The Reasons Why You Must Avoid Dental Crowns}

Submitted by: Curt Eastin, DDS, ND

I’ve been a dentist since 1984 and a holistic dentist since 1998, so you may be surprised to hear me say that I hate dental crowns and avoid them like the plague. After all, crowns are the preferred treatment choice for most dentists. Dental crowns are put on a pedestal as being the most permanent of all dental restorations. So what gives … why am I saying that caps are no good?

The following scenario may have happened to many of you:

* You get decay in your tooth

* Your friendly dentist repairs the hole with a filling amalgam or possibly composite

* Over time the repair fails or perhaps the tooth splits

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* Your tooth will finally be repaired with a crown ceramic, metal or porcelain fused to metal

* The procedure of crowning your tooth kills the tooth’s nerve

* Dead nerves hurt and need to be managed by having either a root canal procedure or an extraction

The crown procedure is very traumatic and often kills the tooth nerve. To prepare a tooth to receive a crown, all of the enamel and a substantial amount of the inner core dentin must be ground away. The scientific literature reveals that up to 15% of all crowned teeth will eventually need root canals or extractions because of a dead nerve. If you have a crown and did not need a root canal or an extraction, your troubles are not quite over yet.

Most people assume that once you have a crown, that tooth will never need to be treated again. After all, you just shelled out a lot of money because you a crown is supposed to be the most definitive way to fix a broken down tooth. You forget all about the tooth for 5 to 10 years, then out of the blue your dentist tells you that you have developed decay under the crown and it will have to be replaced. You’re confused. You have questions: What do you mean the crown is bad? How can a crown decay? Wasn’t the crown supposed to be the permanent solution for this tooth? Most consumers are under the impression that once a tooth is capped, that tooth will never need care ever again. The dentist discussed the options for caring for the broken down tooth and presented a cap as the best permanent solution. And so they are stunned when a number of years in the future they find out the cap has gone bad and requires replacement. Whenever a crown has gone bad, it indicates that tooth decay has developed in the gap between the tooth and the crown. About now most consumers are confused … how does a crown develop a cavity?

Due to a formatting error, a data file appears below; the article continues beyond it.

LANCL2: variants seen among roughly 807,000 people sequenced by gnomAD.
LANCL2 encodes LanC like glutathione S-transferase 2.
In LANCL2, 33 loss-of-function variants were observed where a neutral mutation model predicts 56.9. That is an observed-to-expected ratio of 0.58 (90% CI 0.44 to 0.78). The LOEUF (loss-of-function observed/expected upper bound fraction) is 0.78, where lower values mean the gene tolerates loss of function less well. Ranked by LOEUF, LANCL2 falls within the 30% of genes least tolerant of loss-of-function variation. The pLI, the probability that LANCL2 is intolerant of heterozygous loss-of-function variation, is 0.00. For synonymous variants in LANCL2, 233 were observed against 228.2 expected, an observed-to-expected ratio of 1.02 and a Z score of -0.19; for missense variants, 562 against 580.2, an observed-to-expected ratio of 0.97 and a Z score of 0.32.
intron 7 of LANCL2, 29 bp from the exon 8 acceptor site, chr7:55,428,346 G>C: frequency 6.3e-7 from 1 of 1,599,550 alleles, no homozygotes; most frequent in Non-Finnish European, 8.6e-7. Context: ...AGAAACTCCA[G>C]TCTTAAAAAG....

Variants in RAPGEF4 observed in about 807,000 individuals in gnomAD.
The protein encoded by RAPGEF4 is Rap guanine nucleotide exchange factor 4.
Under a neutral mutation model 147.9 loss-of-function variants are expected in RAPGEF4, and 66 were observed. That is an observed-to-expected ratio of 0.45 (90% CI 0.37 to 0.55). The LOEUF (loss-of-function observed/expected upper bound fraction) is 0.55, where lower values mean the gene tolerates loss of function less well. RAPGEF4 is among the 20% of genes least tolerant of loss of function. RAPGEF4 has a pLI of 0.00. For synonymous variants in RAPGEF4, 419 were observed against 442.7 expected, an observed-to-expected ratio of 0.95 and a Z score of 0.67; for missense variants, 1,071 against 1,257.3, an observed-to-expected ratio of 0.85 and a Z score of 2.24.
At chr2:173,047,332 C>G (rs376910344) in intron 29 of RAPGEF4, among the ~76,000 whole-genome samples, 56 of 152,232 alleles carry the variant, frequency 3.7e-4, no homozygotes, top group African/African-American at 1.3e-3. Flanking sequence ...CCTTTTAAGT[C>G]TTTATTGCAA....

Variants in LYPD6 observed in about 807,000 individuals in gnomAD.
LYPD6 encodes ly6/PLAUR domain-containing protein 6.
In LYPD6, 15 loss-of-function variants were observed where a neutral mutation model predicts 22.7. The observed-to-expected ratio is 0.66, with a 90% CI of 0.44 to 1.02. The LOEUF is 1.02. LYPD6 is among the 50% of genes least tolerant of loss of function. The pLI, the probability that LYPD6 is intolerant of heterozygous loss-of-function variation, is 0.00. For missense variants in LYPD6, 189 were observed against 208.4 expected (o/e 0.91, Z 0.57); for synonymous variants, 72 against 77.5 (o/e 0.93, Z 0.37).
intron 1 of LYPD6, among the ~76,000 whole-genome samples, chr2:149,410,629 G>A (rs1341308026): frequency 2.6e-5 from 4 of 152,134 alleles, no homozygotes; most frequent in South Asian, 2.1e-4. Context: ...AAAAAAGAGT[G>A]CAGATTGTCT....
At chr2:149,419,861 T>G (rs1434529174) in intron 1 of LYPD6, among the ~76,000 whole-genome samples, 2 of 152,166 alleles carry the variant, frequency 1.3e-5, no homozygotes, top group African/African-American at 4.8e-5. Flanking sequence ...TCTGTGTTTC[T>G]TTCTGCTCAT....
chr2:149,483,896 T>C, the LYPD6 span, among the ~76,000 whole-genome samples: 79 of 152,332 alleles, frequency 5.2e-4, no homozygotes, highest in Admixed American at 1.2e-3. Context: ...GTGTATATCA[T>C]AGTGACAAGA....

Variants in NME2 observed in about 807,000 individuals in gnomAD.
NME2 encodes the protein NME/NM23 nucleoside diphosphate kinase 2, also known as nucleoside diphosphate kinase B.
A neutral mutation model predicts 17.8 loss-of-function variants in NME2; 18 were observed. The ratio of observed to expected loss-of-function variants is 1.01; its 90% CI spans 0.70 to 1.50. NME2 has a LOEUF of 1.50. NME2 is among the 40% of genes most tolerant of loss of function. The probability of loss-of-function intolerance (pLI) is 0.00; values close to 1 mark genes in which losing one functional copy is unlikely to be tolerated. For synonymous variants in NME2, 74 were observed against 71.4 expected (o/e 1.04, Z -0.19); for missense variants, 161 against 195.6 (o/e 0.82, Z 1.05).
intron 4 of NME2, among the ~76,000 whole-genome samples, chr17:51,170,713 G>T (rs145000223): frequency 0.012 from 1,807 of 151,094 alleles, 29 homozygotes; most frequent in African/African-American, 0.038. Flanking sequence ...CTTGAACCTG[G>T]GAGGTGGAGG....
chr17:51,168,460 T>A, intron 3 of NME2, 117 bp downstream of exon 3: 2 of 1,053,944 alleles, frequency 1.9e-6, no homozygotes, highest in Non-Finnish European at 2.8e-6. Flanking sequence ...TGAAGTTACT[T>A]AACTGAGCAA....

The dentist could give you a vague explanation or might even try to pass the buck–making it seem like its kind of your fault. They might possibly state something similar to well, all that bacterial plaque buildup around your gum-line resulted in a cavity in the tooth root that eventually got underneath the crown. Perhaps you are asking yourself, how can I only have gum-line plaque around the capped tooth? And if my plaque is responsible for the tooth decay, why aren’t my other teeth decayed as well?

Common sense would tell you that something is wrong with this story. I won’t bore you with all the technical jargon, but the truth is that all crowns will fail in time. When put in the normal pressures of chewing and biting, natural teeth flex … however, crowns made from gold or porcelain do not. Consequently, each and every occasion you close your teeth together, your tooth attempts to flex along the gum line, but it’s restrained by the circular encasing effect of the crown.

So now it is possible to put the information together and describe exactly why a number of caps break down. Anytime the teeth come together (many, many times every day), your tooth and the crown both are after something different. Your tooth needs to flex, the cap doesn’t. This struggle of rival forces creates strain at the gum line that ultimately destroys the seal in between your crown and the tooth. As soon as the seal pops and the cap begins to leak, harmful bacteria dash in to the space and a cavity forms.

The approach would be to avoid putting stiff, inflexible dental materials at the gum-line that is, do not place crowns on teeth. The theory of study commonly known as biomimetic dentistry strives to rebuild teeth in ways that mimic natural teeth. By avoiding capped teeth and placing products that bend like natural teeth at the gum line, the issue of leaky caps as well as the need to have root canal therapy following dental restorations are typically avoided.

Biomimetic dental methods are excellent substitutes to crowns, duplicate the un-restored tooth under function, offer very long-lasting dental corrections and significantly lessen the requirement for root canal treatment.

About the Author: Curt Eastin DDS, ND is a

holistic dentist

and a naturopathic physician. He earned his doctorates at the University of Washington School of Dentistry and the National College of Naturopathic Medicine. Click the following link for more information about

ultra-conservative biomimetic dentistry



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